getting started on ghost notes

blasterbeat

Senior Member
what is the best technique to getting started? what would a practice excercise encompass? any help/hints would be appreciated.
 

larryace

"Uncle Larry"
You have to have good hand technique. You have to be able to play extremely soft and accurate as well as loud. If most of your drum strikes originate from the elbow, then you have a lot of work to do because ghost notes come from the wrists and fingers. I'm not going to preach technique here, because there are many different techniques that can accomplish what you need. You have to find your own way, research the various methods, and do what comes most natural. Getting a good teacher is a safe bet.
 

Deathmetalconga

Platinum Member
I started with ghost notes by playing a three pattern on two hands, accenting the one:

L r l R l r L r l R l r L r l R...

After you get this down, really start exaggerating the difference between the accented and unaccented notes. Make sure to keep your spacing between the notes even, however.
 

Deathmetalconga

Platinum Member
Deathmetalconga,

Will practicing paradidle be equally effective?

R l r r L r l l
Yes, that is a good approach also. Doing the three-pattern is easier but once you get good with that you should also try the paradiddles, and even mix up where you put the accents. Also try a four pattern and move the accent around. Really exaggerate the accent and also exaggerate the quietness of the "ghost notes" (the unaccented notes).
 

donv

Silver Member
My introduction to ghost notes came with this exercise. Play any of your standard backbeat beats, but play the snare on 1,2,3 and 4 but play the 1 and 3 as ghost notes. The next exercise was playing 8th notes on the snare, while still playing everything except 2 and 4 as ghost notes. I also learned playing my ghost notes in relation to ppp through FFF. This helps in developing a "range" for you ghost notes. When you can start to mix up your ghost note "anti-accents" then you play with the dynamic range of a groove.

As DMConga said, single stroke triplets and paradiddles are great exercises for developing speed with ghostnotes. Also practice your grace notes backwards. For example, when playing flams or flamtaps, accent what is typically the grace note and ghost the other strokes. This is common outside of rudimental drumming. It's common in the concert 1812 Overture tympani scores as cannon report echos. It's not common in the symphonic scores.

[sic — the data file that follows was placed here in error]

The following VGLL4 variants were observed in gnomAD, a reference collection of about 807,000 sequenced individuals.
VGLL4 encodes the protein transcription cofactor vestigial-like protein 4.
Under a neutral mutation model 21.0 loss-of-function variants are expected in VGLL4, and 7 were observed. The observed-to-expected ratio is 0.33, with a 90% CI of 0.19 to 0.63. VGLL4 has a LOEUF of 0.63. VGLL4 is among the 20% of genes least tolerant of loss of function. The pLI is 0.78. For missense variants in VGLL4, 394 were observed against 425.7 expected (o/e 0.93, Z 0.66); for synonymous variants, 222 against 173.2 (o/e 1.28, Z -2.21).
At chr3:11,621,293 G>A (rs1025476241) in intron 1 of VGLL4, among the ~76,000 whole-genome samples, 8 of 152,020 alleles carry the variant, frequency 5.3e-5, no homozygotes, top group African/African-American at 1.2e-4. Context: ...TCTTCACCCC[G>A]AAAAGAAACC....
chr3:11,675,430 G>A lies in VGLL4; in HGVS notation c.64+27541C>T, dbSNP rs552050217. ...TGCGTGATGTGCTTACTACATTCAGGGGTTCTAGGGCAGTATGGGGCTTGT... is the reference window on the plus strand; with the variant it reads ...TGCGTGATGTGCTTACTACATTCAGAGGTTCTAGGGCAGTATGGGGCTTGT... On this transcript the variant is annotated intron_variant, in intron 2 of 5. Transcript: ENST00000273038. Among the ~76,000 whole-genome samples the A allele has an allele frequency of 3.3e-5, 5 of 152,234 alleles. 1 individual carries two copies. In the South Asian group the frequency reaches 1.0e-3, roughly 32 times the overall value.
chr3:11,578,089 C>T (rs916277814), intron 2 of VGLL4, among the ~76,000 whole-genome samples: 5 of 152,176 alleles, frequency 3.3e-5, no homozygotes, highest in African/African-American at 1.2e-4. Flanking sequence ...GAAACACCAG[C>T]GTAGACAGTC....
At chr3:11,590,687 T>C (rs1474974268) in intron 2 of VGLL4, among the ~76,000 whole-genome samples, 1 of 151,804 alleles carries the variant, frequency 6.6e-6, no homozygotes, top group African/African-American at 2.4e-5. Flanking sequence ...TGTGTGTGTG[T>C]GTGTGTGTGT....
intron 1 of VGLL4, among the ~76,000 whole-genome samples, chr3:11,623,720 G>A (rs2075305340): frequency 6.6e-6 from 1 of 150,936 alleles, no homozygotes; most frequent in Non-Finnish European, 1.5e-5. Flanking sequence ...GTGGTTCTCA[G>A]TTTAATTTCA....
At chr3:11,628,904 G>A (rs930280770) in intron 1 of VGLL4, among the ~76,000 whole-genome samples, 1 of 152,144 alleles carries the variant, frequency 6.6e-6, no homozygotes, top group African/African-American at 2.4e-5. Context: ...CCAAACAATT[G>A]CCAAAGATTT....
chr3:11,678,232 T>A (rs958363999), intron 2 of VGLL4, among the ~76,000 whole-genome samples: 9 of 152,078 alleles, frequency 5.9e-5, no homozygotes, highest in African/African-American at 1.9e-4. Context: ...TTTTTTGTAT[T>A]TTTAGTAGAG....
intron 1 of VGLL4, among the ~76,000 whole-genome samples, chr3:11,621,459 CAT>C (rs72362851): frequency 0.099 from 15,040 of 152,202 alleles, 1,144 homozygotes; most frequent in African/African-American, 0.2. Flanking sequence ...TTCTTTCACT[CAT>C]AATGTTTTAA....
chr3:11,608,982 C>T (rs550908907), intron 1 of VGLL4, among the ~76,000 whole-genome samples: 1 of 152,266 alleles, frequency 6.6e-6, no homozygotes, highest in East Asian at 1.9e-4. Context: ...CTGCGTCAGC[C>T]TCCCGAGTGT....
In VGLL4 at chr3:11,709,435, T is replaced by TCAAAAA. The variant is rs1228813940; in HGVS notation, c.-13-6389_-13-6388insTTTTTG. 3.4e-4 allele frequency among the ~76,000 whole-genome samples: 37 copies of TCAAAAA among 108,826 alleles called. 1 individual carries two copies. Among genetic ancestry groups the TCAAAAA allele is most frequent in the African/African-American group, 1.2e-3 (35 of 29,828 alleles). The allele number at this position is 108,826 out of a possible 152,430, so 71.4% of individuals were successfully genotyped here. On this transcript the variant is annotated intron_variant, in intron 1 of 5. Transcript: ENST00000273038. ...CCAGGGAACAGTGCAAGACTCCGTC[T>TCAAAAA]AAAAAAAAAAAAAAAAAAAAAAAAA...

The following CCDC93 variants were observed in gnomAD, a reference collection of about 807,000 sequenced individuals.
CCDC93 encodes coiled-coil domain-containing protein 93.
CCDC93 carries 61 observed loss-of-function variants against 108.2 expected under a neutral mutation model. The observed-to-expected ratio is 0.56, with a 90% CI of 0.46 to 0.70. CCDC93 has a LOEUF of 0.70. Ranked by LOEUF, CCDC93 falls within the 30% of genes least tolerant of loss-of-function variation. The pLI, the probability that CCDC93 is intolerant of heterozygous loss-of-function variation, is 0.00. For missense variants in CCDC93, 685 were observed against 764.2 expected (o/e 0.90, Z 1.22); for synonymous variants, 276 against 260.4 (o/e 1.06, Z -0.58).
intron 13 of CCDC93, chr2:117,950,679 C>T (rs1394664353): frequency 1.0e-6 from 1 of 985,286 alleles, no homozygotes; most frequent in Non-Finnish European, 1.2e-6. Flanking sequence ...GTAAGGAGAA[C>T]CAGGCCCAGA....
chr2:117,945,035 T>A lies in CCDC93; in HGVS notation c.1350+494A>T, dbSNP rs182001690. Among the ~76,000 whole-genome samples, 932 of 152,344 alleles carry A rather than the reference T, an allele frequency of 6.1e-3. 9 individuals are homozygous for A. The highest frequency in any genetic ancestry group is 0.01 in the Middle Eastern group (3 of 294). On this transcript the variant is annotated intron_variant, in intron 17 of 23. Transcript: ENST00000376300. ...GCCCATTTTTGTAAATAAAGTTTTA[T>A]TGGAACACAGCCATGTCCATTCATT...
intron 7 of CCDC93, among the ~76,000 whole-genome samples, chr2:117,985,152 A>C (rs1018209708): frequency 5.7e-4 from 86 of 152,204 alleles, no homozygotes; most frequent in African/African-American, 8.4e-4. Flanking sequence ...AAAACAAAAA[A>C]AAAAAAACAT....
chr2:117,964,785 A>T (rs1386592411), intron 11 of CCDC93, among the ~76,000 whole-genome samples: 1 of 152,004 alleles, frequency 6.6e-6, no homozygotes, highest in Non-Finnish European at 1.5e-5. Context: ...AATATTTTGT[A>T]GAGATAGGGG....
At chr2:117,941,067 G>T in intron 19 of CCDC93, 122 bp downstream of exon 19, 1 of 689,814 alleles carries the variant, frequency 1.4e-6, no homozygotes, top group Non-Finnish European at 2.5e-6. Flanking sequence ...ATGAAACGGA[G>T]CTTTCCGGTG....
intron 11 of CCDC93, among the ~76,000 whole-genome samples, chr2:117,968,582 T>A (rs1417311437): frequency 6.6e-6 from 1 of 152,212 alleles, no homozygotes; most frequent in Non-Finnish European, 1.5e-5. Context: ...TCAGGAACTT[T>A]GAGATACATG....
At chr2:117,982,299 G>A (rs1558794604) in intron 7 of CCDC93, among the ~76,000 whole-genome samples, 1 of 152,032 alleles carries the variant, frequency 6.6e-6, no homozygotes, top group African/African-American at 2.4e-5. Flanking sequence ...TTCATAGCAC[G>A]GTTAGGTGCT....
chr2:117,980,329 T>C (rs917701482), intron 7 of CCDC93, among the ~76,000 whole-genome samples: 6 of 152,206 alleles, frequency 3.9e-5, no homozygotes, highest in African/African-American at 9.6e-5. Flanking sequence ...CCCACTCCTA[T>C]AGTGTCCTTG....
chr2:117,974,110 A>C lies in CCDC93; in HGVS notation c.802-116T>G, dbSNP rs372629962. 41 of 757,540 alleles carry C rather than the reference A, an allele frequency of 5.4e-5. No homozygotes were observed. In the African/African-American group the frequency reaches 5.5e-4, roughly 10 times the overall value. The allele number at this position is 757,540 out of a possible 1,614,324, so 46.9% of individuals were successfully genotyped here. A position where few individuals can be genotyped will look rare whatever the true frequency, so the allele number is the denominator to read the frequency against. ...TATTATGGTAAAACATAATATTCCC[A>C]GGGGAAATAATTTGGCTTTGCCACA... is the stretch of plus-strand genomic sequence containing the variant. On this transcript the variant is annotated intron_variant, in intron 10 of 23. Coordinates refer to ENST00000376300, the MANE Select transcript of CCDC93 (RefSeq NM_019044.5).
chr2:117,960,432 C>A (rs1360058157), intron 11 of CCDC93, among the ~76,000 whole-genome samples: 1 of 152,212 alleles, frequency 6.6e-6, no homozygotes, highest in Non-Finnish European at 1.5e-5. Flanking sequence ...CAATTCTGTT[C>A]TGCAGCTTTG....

The Groovekat

Junior Member
Deathmetalconga,

Will practicing paradidle be equally effective?

R l r r L r l l
No it won't. The exercise deathmetalconga has written is all single strokes to develop each hand's abilty to play successive single stroke ghost notes.
A paradiddle of course uses the double stroke to play the successive notes, so yeah not the same.
 
W

wy yung

Guest
A very good book to use to develop ghost notes is The funky beat, by David Garibaldi.
 

Pocket-full-of-gold

Platinum Member
No it won't. The exercise deathmetalconga has written is all single strokes to develop each hand's abilty to play successive single stroke ghost notes.
A paradiddle of course uses the double stroke to play the successive notes, so yeah not the same.
Why won't a paradiddle assist in practising ghost notes? Agreed that a paradiddle "is not the same" as single triplets, but I'd argue it's still effective in developing ghosted notes. A ghost by definition is just a quieter stroke. Whether it be a single, double or tripple stroke, you can still practice them ghosted or accented. I practice paradiddles with the ghosted didles often (I also practice them with accented diddles and ghosted singles), same with six stroke rolls where the two singles are accented and the two doubles ghosted. I see it as a more of a dynamics (read: control) issue as opposed to only being able to play ghost notes as single strokes. You can ghost any stroke in the same way as you can accent any stroke.
 
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wy yung

Guest
Why won't a paradiddle assist in practising ghost notes? Agreed that a paradiddle "is not the same" as single triplets, but I'd argue it's still effective in developing ghosted notes. A ghost by definition is just a quieter stroke. Whether it be a single, double or tripple stroke, you can still practice them ghosted or accented. I practice paradiddles with the ghosted didles often (I also practice them with accented diddles and ghosted singles), same with the six stroke rolls where the two singles are accented and the two doubles ghosted. I see it as a more of a dynamics (read: control) issue as opposed to only being able to play ghost notes as single strokes. You can ghost any stroke in the same way as you can accent any stroke.
Of course it will PFOG. David Garibaldi wrote an entire book on the subject called Future sounds. You are perfectly correct. Even control strokes can be developed using the paradiddle when one places accents on different notes. Of course a paradiddle wont develop all the ghost notes, but it will help many.
 
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